Prime Minister of India, announces the repeal of three controversial agricultural laws in a televised address on 19 November 202.  Image via Wikimeadia.  Image credit Narendra Modi.  Attribution 3.0

On November 19, one of the world’s largest and longest protests achieved a major victory—farmers in North India woke up to Prime Minister Modi apologizing to them and asserting his intention to repeal the three farm laws they have been opposing. Despite Modi’s sudden declaration, farmers initially stood their ground on the outskirts of the capital of New Delhi. Americans should continue to support their movement because it is not over. 

The three controversial acts forced into law in August 2020—the Trade and Commerce Act, the Price Assurance and Farm Services Act, and the Essential Commodities Act—were hailed by the government as necessary to modernize the agricultural sector. Farmer organizations disagreed, citing that these laws pave the way for corporate capital wherein farmers will have less bargaining power and guaranteed prices. This reworked legal architecture would unravel state investments in grain markets, farming contracts, and storage/warehousing.  

Despite the Indian Cabinet having already approved the repeal bill to be introduced in Parliament on November 29, there is reason for continued vigilance. In his public announcement, PM Modi’s “apology” makes no mention of farmers’ main demand of guaranteeing minimum support prices for their crops nor of the 708 protestors that have died. Rather he apologized for the inability of his party, the Bharatiya Janta Party (BJP), to “convince some of our farmer brothers of the intentions of these laws which were as pure as the light from a lamp.”     

   Earlier this year, the popular musician Rihanna and climate activist Greta Thunberg got the world to notice the millions of protesting Indian farmers. Solidarity letters from American farmers and farm networks also drew from the memory of American farmers’ mobilizations in Washington, DC. One letter stated that “what the Indian farmers are enduring now happened in the U.S. almost four decades ago. The Reagan era furthered the farm crisis through deliberate federal policy changes, with systematic erosion of parity prices and other deregulatory efforts. ‘Get big or get out’ has been our government’s mantra.” While affirming the right to peaceful protest, the US State Department expressed support for the laws, citing efficiency and private investment in agriculture. A flashpoint of this decades-long economic crisis in agriculture has been the high rate of suicide among US rural populations and Indian farmers.  

Media coverage of the protests drowned out through pandemic lockdowns as thousands of Indian farmers were charged under false cases in various states. On October 3, four farmers and four others were killed by a high-ranking BJP minister’s son, who drove a car into a crowd of protesters in Lakhimpur Kheri village, in the BJP-dominated northern state of Uttar Pradesh (UP). Farmers responded by blocking railway lines in several stations in North India to demand justice. It took several days for UP police to bring the son in for questioning, while the minister continues to enjoy his position.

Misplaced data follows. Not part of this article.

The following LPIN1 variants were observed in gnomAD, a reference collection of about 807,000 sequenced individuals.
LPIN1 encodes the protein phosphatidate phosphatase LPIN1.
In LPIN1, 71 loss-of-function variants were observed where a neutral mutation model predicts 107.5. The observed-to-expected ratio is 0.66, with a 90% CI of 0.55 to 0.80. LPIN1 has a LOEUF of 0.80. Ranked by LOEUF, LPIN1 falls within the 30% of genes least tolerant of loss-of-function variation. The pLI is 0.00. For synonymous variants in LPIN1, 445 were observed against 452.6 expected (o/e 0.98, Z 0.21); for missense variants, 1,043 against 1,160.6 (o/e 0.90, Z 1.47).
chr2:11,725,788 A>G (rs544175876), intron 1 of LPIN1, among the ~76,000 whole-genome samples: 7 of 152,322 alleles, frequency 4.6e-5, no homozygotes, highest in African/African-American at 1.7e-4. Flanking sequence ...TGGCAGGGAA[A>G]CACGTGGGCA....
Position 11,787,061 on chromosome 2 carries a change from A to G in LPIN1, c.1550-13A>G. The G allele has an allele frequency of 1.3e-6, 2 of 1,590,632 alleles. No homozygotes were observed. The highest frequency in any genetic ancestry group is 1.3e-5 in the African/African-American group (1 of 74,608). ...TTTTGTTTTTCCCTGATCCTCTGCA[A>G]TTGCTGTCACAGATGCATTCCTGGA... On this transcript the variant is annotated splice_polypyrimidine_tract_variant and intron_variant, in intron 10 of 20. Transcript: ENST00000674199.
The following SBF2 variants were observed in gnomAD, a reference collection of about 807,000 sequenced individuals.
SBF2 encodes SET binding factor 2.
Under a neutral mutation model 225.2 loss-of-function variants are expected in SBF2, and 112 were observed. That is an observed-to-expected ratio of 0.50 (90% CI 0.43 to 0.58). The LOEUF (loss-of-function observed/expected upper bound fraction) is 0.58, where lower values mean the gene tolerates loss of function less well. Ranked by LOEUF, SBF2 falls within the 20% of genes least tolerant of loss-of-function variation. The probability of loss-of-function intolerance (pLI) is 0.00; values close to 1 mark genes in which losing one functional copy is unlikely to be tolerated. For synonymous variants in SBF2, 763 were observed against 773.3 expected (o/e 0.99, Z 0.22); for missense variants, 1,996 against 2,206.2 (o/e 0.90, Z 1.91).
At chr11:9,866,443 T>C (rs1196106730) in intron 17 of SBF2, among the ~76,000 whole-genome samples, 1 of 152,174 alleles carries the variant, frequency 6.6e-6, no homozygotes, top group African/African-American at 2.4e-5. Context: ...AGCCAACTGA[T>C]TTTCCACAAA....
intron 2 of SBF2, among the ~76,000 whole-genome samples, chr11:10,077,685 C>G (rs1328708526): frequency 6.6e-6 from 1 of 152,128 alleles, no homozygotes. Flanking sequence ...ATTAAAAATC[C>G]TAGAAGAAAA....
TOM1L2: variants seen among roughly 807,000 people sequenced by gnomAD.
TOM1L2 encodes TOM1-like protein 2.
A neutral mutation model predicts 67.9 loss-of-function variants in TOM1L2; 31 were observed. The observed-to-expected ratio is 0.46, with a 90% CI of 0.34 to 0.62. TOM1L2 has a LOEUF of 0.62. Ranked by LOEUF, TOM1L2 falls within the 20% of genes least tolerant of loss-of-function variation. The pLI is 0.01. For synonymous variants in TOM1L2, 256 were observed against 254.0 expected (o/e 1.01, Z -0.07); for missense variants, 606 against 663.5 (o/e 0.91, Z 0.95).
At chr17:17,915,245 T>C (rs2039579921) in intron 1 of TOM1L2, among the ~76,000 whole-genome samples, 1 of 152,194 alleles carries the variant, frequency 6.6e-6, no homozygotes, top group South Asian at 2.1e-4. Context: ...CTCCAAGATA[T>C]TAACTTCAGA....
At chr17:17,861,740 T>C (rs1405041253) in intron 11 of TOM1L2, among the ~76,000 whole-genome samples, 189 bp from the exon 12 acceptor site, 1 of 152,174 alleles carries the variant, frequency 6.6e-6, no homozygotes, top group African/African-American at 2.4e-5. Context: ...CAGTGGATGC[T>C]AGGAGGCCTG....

Like the passage of the farm laws, the BJP has undertaken numerous sweeping measures under the aegis of a strongman politics since coming into power in 2014. Examples of such measures include the spontaneous devaluation of currency notes, termination of Kashmir’s autonomy, promulgation of an anti-Muslim citizenship law and deportation centers, increased jailing of activists under charges of sedition and terror, diluted labor and environmental laws, and a hastily declared Covid-19 lockdown resulting in a migrant crisis. Modi has gone from being denied a US visa, due to his past role in the 2002 Gujarat pogrom, to Donald Trump’s bosom buddy. The Biden administration continues to support him. According to one op-ed, “the anti-farmer and anti-climate trade policies currently being pursued by the Biden-Modi partnership both strengthen the hand of fascism and threaten progress on global climate justice.” We should be concerned about our partnership with a government premised on anti-democratic policies.    

Crucially, we should recognize compounded injustices within farming and rural communities. Only decades later is the US attempting to address lending discrimination against farmers of color, particularly Black farmers. They have lost most of their land in the past century and fought and won decades-long legal battles, yet the USDA continues to stall their due payments. In India, caste-oppressed farmers and farmworkers toiling on land owned by dominant-caste farmers have also shown their support to the farmers’ movement, despite their own state of dispossession and landlessness. While policy on agricultural wages or land reparations in either India or the US seem far from the negotiating table, we should maintain commitments to oppressed caste, race, and indigenous rural groups in our support of the present movement and larger goals of economic and environmental justice.  

After 378 days of protest and emerging successful, the farmers decided to leave the protest sites on December 11. As we in the US headed into holiday festivities, Indian farmers celebrated as well. Yet they continue to remain firm with their demands for a legal right to guaranteed crop prices and justice for the hundreds of martyrs. During a tumultuous pandemic, their victory is a hopeful sign for overturning right-wing governments that will seek a return to “normalcy” premised on degraded labor conditions, private capital, and state violence. The future is uncertain and 2022 promises new rounds of meetings between the farmers and the government. We should draw inspiration from the Indian farmers’ resolve and remain allied to their ongoing movement.